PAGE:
passed under the control of Great Lithuaninan Duchy, which in 1569 was
united with Poland. With the establishment of the Kiev-Mogilyanskaya
Academy in 1632, the city became a center of Ukrainian learning and
scholarship.

The long road to the independence of Ukraine began with Cossack military
campaigns. In 1648-1654 Cossack armies, headed by Hetman Bogdan
Khmelnitsky, Ukraine’s Cossack leader, waged several wars to liberate
Ukraine. In 1648, when the Ukrainian Cossacks rose against Poland, Kiev
became for a brief period the center of the Ukrainian State. But soon,
confronted by the armies of Polish and Lithuanian feudal lords, Bogdan
Khmelnitsky sought the protection of the Russian Tsar in the Treaty of
Pereyaslavl. After Ukraine’s union with Russia in 1654, however, the
city was acquired by Moscow. During a long period of domination by the
Russian Empire Ukraine in the 17th and 18th centuries managed to
preserve and enjoy some of its rich political, economic, cultural, and
religious achievements.

In January 1918 after the fall of Russian Empire, the independence of
Ukraine was proclaimed and the Ukrainian National Republic was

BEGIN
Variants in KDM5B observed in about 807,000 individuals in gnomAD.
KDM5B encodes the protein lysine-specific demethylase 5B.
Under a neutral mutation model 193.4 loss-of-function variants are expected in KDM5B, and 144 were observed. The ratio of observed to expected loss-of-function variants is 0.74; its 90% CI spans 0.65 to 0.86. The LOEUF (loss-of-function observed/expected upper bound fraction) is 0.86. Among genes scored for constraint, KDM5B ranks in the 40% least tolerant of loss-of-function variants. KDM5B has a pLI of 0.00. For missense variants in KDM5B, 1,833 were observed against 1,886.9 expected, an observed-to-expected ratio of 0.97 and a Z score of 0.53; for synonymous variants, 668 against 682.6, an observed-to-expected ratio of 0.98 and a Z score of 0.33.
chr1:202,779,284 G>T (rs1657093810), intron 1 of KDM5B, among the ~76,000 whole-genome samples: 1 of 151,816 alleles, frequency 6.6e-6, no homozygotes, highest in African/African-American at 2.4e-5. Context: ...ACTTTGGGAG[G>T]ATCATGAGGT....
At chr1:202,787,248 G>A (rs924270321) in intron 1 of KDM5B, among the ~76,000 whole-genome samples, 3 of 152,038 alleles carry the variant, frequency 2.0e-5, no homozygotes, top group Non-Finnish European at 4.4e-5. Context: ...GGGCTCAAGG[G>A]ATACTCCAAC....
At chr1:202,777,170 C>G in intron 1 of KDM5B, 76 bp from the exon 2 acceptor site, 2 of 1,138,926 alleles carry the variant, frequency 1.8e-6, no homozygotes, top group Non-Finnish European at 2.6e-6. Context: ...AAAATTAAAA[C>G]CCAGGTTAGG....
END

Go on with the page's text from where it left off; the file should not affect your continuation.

established.

During the Civil War that followed the October Revolution Bolshevik
Party seized power and expanded their sphere of control into Ukraine.
Ukraine becomes a part of the Soviet Union.

Kiev suffered severely during the World War II, when many unique
architectural and artistic treasures were destroyed. Earlier, in the
1930s, the Soviet authorities systematically destroyed many churches.
Extensive restoration of the after-war days has revived much of Kiev’s
historical and cultural heritage. Despite repressions, suffering,
political turmoil, and ecological disasters, Ukraine’s spirit and
national identity have never died. On August 24, 1991, after the
collapse of the Soviet Union, Ukraine proclaimed its independence. This
was the beginning of the whole new period in the history of Ukraine and
its beautiful capital.